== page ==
In treating it, human need is not the principle that immediately governs the allocation of our resources: hotel rooms now sit empty around the world while the lockdown leaves victims of domestic violence in urgent need of a safe bed; doctors are exposed to the virus, and die, because governments fret about buying protective equipment; meanwhile billionaires buy large bunkers to be safe. If a vaccine is found soon, the companies that develop it will not be eager to dole it out to the needy, unless they can pay. Our experience of this lockdown is so thoroughly socially variegated that nobody should now claim (as Marx thought several ‘utopians’ of his day believed) that it is relatively easy to step outside the injustices of our society and exit capitalism as individuals rather than transcending it for all.

All of this brings renewed urgency to questions about why murderous irrationality proliferates. Who or what is to blame for privation in a world of plenty? This is not a bad time to convene a class on Marx, who grappled with a peculiar world and sought to explain why it looks and acts the way it does. He was not an economist seeking to predict tomorrow’s prices (though plenty have wanted him to be, including both critics and admirers). He sought instead to explain how that thing we call ‘the economy’ comes to dominate us.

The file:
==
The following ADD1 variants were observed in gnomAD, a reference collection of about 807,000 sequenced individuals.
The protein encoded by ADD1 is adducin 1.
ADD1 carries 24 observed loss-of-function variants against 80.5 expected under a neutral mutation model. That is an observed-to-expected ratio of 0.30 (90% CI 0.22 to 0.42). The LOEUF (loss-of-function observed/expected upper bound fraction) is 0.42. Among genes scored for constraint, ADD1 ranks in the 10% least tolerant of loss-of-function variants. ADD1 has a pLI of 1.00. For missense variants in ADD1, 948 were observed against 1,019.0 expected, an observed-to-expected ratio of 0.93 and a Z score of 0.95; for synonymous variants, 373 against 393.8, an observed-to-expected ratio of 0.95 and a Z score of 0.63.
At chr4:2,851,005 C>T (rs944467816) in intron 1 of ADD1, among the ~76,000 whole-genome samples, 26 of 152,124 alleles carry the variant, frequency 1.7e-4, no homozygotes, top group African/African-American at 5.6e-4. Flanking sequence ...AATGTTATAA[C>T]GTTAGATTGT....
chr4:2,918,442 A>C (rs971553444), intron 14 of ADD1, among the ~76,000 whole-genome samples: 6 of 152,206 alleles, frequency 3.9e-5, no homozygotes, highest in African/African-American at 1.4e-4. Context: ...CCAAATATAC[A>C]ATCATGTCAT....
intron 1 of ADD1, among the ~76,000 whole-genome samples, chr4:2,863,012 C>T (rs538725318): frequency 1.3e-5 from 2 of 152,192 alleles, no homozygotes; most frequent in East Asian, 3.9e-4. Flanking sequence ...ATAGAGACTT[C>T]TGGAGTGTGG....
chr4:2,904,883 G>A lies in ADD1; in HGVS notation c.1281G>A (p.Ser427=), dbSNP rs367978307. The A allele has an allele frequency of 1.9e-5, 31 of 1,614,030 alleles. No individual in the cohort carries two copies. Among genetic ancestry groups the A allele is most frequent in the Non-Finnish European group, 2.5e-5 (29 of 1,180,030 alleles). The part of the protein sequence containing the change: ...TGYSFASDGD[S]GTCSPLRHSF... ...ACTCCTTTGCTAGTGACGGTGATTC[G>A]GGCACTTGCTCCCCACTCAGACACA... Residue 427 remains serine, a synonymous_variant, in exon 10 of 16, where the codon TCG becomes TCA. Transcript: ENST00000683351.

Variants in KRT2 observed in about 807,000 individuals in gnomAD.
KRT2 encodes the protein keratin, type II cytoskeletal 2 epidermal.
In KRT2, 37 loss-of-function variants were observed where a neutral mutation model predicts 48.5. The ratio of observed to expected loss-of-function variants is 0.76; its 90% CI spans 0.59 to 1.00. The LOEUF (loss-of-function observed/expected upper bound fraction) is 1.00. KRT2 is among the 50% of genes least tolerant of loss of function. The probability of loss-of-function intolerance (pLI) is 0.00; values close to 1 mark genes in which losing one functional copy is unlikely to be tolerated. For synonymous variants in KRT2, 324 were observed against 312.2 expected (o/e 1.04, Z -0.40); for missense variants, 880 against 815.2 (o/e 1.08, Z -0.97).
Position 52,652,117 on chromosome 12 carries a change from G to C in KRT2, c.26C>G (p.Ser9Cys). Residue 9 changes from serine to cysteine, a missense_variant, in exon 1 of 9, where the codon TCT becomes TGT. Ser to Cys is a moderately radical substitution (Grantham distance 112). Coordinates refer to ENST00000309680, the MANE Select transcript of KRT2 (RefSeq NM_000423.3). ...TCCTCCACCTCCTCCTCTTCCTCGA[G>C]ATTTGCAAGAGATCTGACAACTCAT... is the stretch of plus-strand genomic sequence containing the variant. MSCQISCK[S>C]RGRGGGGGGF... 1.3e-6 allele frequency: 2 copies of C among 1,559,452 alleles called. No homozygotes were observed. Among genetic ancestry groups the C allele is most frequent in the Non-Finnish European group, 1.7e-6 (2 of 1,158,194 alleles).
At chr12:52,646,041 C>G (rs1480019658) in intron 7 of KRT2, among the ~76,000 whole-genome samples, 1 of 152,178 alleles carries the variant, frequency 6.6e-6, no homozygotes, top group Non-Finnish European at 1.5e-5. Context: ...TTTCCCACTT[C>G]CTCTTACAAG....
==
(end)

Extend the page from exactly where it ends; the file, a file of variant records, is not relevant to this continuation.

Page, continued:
Marx’s first intuitions were that social life is complex and that history mattered. His world, he thought, was being remade by an oblique process of dazzling potency and novelty. As a young social philosopher, Marx thought capitalism had transformed our experiences of social life and ourselves so radically that we could barely think outside its categories; and as a mature social theorist at the height of his powers, he attempted to chart the intricacies of that process. Two COVID anxieties — individual fears of potential unemployment and global worries about a future recession — offer useful entry points for rediscovering Marx.


Why was it, in the first days of lockdown, that people spoke with enthusiasm of the new skills and new kinds of work they might undertake if freed from the obligation to travel to offices every day? Economists treat work as a disutility, across time and place a miserable thing undertaken in the hope of eventual rewards. Marx’s early interest in ‘alienation’ begins from a different premise worth pondering in this lockdown: that the activity of paid work removes something from the worker in historically particular ways that have to be explained.